Money 2013: Pieces of eight

by Mark Lister / 06 March, 2013
Investment analyst Mark Lister follows up last year’s sharemarket picks and recommends yield and growth stocks for the year ahead.
Mark Lister
Mark Lister, photo/David White.

I profiled three companies in the Listener last September – Mainfreight, Woolworths and Diageo – all of which I believe to be great companies that make excellent long-term investments. Since then, and largely in line with strong sharemarkets around the world, these companies have performed very well. Mainfreight has returned 22.1% over this period, Woolworths 12.4% and Diageo 6.9% (all in New Zealand dollars).


ARGOSY PROPERTY Argosy has a portfolio of over $900 million of office, industrial and retail property across the country. With a strong balance sheet, an improving portfolio, internal management and an excellent dividend yield of over 8.5%, Argosy is excellent for income investors.

TRADE ME Trade Me has many characteristics of a great quality online infrastructure company, with high operating margins and low working capital. The strong operating cash flows and limited capital spending requirements underpin strong returns and fund a reliable and growing dividend. Trade Me currently offers a dividend yield of 5.2%.

SKY TV Sky TV has a high-quality subscription-based business model providing strong defensive cash flows and utility-like characteristics. Sky pays a healthy dividend of over 7%, and as the business continues to mature, I expect this regular dividend will be supplemented by the occasional special dividend, as we saw in 2012.

VECTOR This is a blue-chip company with a solid capital structure and a stable dividend policy. It represents an excellent defensive exposure to the infrastructure sector, with strong cash flows, an attractive dividend yield of over 7% and low-volatility earnings.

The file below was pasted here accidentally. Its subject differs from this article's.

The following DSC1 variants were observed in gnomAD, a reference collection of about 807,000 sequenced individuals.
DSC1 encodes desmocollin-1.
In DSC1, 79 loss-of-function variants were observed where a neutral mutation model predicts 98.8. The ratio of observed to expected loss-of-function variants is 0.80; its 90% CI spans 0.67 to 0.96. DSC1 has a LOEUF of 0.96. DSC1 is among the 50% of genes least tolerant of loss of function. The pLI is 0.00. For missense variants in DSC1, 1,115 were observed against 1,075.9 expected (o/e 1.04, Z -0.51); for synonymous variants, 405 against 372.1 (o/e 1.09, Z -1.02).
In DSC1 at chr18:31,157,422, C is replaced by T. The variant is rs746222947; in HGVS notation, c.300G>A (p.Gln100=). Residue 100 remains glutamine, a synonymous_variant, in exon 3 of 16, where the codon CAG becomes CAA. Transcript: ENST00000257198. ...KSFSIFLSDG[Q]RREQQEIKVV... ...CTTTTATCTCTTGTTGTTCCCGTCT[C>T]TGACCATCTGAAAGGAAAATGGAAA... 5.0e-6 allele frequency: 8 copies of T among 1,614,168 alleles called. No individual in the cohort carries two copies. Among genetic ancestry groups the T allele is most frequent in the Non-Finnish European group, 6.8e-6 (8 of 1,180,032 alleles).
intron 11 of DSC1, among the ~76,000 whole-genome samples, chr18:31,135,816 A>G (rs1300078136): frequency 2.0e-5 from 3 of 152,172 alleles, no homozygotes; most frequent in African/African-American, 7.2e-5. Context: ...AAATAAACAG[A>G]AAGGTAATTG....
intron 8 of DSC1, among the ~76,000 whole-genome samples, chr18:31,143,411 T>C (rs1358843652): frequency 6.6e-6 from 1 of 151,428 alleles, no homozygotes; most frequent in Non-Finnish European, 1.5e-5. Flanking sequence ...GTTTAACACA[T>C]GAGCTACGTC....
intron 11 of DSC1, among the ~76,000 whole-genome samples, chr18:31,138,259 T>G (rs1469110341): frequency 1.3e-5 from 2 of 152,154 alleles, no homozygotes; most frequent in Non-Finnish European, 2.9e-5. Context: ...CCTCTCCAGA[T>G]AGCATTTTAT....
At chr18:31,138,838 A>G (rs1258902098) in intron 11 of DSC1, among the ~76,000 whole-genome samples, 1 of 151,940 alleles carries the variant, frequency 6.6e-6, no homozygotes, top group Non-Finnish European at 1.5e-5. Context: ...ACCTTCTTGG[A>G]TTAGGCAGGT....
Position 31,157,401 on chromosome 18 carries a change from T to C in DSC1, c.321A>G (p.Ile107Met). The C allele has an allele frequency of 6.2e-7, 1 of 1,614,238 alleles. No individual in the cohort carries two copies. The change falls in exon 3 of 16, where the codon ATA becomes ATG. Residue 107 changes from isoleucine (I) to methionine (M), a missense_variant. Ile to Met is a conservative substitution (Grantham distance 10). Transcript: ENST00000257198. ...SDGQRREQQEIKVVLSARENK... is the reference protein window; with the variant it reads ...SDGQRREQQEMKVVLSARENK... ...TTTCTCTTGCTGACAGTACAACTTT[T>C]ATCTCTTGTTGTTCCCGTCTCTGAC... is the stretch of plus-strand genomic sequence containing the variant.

RYMAN HEALTHCARE Ryman is arguably the best company on the New Zealand sharemarket. Ryman has provided its investors with a staggering 33% annual return over the past 10 years, without ever asking for more capital. With a great management team, an excellent business model and the demographic tailwind of an ageing population in New Zealand and Australia, Ryman may well be just getting started.

PORT OF TAURANGA Port of Tauranga is New Zealand’s principal export port and the country’s largest port by volume and land area. Rather than being simply a stable infrastructure investment, it has also delivered outstanding growth. Investors who bought a share for $3 in 2000 would have collected over $4 in dividends alone since then, as well as having benefited from the share price increasing to $14 today. With an outstanding strategic position, Port of Tauranga still has an excellent growth profile.

FLETCHER BUILDING Fletcher is what’s called a cyclical share, which means it goes up and down with the fortunes of the economy, more so than others. At the moment, it looks good, as housing activity is starting to recover, it will benefit from repairs to leaky homes and the Canterbury rebuild is gaining momentum. Fletcher has large operations in Australia, and as interest rates fall, this market should rebound and help drive growth.